Nazanin Zaghari-Ratcliffe’s husband ‘outraged’ after meeting ministers on day 20 of hunger strike

He has said he is in the last few days of his second hunger strike

Lamiat Sabin
Friday 12 November 2021 16:42
<p>Richard Ratcliffe said he is in his ‘last few days’ of his second hunger strike </p>

Richard Ratcliffe said he is in his ‘last few days’ of his second hunger strike

The husband of a British-Iranian dual national imprisoned in Iran said on the 20th day of his hunger strike that he has felt “outraged” and “deflated” after meetings with ministers.

Richard Ratcliffe has said he felt like he was “stuck in the same status quo” after a talk with foreign minister James Cleverly on Thursday in his long-running battle to secure Nazanin Zaghari-Ratcliffe’s freedom.

He said he left the meeting feeling “deflated”, and accused the UK government of not doing enough to help his family.

Mr Ratcliffe told the BBC on Friday he felt “outraged” after the meeting and that his talk with Mr Cleverly felt like “a bit of a placebo”.

He said half of the meeting saw officials insisting that they were raising Ms Zaghari-Ratcliffe’s case “very strongly” with their Iranian counterparts, but claimed there was “no substance” as to what ministers were planning to do.

Sitting in his protest spot outside the Foreign, Commonwealth and Development Office (FCDO), he added that the government is “allowing [Iran] to take people hostage and abuse them.”

Mr Ratcliffe began his hunger strike camped outside the FCDO on 24 October after his wife lost her latest appeal in Iran.

He said he was in the “last few days” of his second hunger strike – his first was in 2018 – as his “body is saying so”, but that he could decide to continue camping outside the FCDO.

Mr Ratcliffe began his hunger strike camped outside the FCDO on 24 October

Mr Ratcliffe’s latest meeting with government took place after talks between UK officials and Iran’s deputy foreign minister Ali Bagheri Kani.

According to her family, Ms Zaghari-Ratcliffe was told by Iranian authorities that she was being detained because of the UK’s failure to pay an outstanding £400 million debt.

The debt was accrued when Britain cancelled a contract for 1,500 battle tanks after the Shah was toppled in the 1979 Iranian revolution.

Mr Ratcliffe said the government “clammed up” and would not talk about the debt during his discussion with them.

But The Guardian reports, quoting Mr Bagheri Kani, that UK ministers told Iranian counterparts that it could not pay the debt because of restrictions brought about by sanctions.

Mr Bagheri Kani reportedly said the two sides had agreed a payment of less than £500m, to take interest into account, and added: “Now what the UK government are bringing up is the limitations on banking interactions, saying it is a difficulty, and finally they cannot do it.”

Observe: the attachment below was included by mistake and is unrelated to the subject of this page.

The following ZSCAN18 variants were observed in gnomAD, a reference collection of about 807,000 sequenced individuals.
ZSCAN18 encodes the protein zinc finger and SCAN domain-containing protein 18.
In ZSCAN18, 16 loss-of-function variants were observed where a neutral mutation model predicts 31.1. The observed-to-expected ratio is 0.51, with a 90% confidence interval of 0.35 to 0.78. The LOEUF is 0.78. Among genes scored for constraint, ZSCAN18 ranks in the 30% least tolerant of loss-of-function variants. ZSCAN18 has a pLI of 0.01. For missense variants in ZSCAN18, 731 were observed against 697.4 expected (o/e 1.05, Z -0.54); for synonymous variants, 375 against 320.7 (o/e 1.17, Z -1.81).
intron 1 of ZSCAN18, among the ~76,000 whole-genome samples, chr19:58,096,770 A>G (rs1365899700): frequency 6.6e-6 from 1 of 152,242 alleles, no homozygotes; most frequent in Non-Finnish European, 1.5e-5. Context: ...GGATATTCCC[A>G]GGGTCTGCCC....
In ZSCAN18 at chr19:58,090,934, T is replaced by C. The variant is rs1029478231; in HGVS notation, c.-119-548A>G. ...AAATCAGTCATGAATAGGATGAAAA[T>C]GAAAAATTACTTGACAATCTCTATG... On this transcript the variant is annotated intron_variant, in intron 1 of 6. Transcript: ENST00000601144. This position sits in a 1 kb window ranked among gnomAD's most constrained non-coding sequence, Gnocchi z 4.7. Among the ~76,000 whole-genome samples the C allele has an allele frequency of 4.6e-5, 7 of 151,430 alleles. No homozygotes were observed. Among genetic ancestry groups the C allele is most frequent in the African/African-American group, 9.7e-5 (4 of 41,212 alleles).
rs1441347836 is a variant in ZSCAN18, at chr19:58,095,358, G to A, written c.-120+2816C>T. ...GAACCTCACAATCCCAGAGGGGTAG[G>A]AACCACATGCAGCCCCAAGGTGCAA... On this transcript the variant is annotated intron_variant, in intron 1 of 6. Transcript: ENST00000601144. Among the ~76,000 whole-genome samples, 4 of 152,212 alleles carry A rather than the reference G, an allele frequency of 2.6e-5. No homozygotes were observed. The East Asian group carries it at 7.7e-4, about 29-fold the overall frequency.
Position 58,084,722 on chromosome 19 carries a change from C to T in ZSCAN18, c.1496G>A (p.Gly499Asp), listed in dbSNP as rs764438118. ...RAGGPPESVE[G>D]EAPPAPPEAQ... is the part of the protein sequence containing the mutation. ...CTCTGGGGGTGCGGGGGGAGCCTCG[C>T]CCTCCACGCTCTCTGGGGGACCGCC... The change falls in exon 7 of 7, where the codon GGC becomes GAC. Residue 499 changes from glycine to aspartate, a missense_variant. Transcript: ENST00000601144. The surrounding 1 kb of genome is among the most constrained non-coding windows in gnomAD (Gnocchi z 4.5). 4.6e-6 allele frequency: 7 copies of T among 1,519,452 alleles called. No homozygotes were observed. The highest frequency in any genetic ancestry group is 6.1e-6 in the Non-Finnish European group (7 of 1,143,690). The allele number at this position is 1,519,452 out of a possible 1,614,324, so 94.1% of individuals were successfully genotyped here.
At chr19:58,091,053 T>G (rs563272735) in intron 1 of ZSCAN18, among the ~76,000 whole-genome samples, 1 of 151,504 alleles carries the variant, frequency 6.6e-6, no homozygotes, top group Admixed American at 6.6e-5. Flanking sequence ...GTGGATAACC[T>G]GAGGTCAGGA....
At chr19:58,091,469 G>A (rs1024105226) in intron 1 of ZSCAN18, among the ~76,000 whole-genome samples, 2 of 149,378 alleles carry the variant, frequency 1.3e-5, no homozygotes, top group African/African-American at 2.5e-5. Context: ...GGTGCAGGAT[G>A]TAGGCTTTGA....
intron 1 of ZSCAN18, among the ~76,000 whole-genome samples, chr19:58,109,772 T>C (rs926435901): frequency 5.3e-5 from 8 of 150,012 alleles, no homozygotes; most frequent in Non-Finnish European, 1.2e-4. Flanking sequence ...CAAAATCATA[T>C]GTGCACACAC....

He claimed that the debt repayment issue was separate from the detention of British-Iranian nationals, but said: “If these incidents were resolved, it would naturally have to influence the relationship between the two countries.”

The wife of Anoosheh Ashoori, another British national detained in Iran, said her husband will be “depressed” at a lack of progress in face-to-face talks between the two nations.

Speaking to BBC Radio 4’s Today programme, Sherry Izadi said the debt is not a ransom and should be paid, adding that she believes the two situations are linked.

Meanwhile, a spokesman for the FCDO said Mr Bagheri Kani had been “pressed on the need for Iran to urgently release all British nationals unfairly detained in Iran”.

They added that Mr Cleverly had then met Mr Ratcliffe “to reaffirm our commitment to reuniting his wife, Nazanin Zaghari-Ratcliffe, with her family in the UK”.

Ms Zaghari-Ratcliffe has been in custody in Iran since 2016 after being accused of plotting to overthrow the government.

She was taking the couple’s young daughter, Gabriella, to see the girl’s grandparents when she was arrested in Tehran’s airport and sentenced to five years in custody, spending four years in Evin Prison and one under house arrest.

The project manager for the Thomson Reuters Foundation, the philanthropic arm of the news agency, has strongly rejected the accusations of spying.

Ms Zaghari-Ratcliffe was sentenced to another year in prison in April for participating in a 2009 rally outside the Iranian embassy in London.

Register for free to continue reading

Registration is a free and easy way to support our truly independent journalism

By registering, you will also enjoy limited access to Premium articles, exclusive newsletters, commenting, and virtual events with our leading journalists

Already have an account? sign in

By clicking ‘Register’ you confirm that your data has been entered correctly and you have read and agree to our Terms of use, Cookie policy and Privacy notice.

This site is protected by reCAPTCHA and the Google Privacy policy and Terms of service apply.

Join our new commenting forum

Join thought-provoking conversations, follow other Independent readers and see their replies


Thank you for registering

Please refresh the page or navigate to another page on the site to be automatically logged inPlease refresh your browser to be logged in